Studio paid high six figures to Adam Cooper and Bill Collage to pen the screenplay.
The writers revere Melville’s original text, but their graphic novel-style version will change the structure. Gone is the first-person narration by the young seaman Ishmael, who observes how Ahab’s obsession with killing the great white whale overwhelms his good judgment as captain.
This change will allow them to depict the whale’s decimation of other ships prior to its encounter with Ahab’s Pequod, and Ahab will be depicted more as a charismatic leader than a brooding obsessive.
“Our vision isn’t your grandfather’s ‘Moby Dick,’ ” Cooper said. “This is an opportunity to take a timeless classic and capitalize on the advances in visual effects to tell what at its core is an action-adventure revenge story.”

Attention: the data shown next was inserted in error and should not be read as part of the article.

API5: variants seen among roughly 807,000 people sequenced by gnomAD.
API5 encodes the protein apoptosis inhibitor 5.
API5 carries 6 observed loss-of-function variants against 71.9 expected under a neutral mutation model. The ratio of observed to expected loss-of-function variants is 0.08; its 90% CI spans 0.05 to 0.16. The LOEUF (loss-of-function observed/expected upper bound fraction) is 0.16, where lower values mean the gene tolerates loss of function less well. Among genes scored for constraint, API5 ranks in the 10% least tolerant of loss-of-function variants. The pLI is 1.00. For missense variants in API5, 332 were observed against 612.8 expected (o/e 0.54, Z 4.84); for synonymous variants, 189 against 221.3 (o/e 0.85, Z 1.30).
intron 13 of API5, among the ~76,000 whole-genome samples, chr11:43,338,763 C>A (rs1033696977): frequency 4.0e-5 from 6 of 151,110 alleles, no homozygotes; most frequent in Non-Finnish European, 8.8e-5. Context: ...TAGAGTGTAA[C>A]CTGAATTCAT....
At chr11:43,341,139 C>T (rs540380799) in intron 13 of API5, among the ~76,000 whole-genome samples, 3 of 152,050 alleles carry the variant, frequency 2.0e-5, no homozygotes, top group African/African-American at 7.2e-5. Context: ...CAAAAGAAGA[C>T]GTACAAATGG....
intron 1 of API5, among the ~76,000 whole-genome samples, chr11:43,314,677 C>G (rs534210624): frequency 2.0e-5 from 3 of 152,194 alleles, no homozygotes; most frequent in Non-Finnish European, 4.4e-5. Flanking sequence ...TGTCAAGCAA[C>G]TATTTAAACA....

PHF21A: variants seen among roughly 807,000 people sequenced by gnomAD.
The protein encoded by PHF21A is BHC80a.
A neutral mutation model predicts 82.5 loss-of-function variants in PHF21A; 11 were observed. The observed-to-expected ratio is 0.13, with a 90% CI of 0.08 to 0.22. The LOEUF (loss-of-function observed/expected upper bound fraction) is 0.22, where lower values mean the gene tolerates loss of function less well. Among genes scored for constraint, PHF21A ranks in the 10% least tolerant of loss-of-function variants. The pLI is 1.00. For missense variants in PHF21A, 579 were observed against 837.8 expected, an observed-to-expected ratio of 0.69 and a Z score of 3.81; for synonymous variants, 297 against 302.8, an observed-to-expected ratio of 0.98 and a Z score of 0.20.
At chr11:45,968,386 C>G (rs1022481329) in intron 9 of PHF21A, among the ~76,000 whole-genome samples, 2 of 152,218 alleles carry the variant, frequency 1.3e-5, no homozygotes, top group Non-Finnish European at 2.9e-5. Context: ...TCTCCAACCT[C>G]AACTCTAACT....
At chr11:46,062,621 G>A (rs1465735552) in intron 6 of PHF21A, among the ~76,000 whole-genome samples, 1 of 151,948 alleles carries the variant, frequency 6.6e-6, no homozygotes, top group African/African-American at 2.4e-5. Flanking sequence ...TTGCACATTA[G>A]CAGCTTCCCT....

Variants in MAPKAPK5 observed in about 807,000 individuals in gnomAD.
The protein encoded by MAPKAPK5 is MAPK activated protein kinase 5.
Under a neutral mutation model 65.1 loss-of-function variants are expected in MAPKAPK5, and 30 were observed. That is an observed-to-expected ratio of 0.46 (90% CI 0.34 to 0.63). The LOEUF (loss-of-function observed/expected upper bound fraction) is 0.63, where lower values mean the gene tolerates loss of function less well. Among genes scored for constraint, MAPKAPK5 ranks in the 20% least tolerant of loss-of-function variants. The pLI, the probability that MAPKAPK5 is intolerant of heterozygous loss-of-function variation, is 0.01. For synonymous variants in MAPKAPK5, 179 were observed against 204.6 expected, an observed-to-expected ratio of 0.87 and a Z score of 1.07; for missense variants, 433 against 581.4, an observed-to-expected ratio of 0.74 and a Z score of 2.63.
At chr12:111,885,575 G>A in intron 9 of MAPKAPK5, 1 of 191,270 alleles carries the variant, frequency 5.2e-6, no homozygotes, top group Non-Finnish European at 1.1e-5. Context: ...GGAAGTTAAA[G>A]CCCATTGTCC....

Scott Stuber is producing with Jim Lemley and Cormac and Marianne Wibberley.
Both Stuber and Bekmambetov have deals at Universal. Bekmambetov will look to apply the visual flourish he displayed on the U summer hit “Wanted.”
“We wanted to take a graphic novel sensibility to a classic narrative,” said Collage. They brought it to the Wibberlys, the “National Treasure” scribes who are branching into producing and will team with Stuber. The project then caught the fancy of Bekmambetov and Lemley, who teamed with the helmer on “Wanted.”
Bekmambetov is developing a sequel to the Angelina Jolie starrer and is also mobilizing and producing a slate of modestly budgeted Russian-language films for Universal’s offshore distribution operations.
Cooper and Collage received credit on the comedy “Accepted” and more recently did rewrite work on the untitled Trump Heist movie, the Tom Bezucha-directed “The People’s House” and the McG-helmed “Nightcrawlers.”
WMA made the deal and repped the scribes, Bekmambetov and the Wibberleys.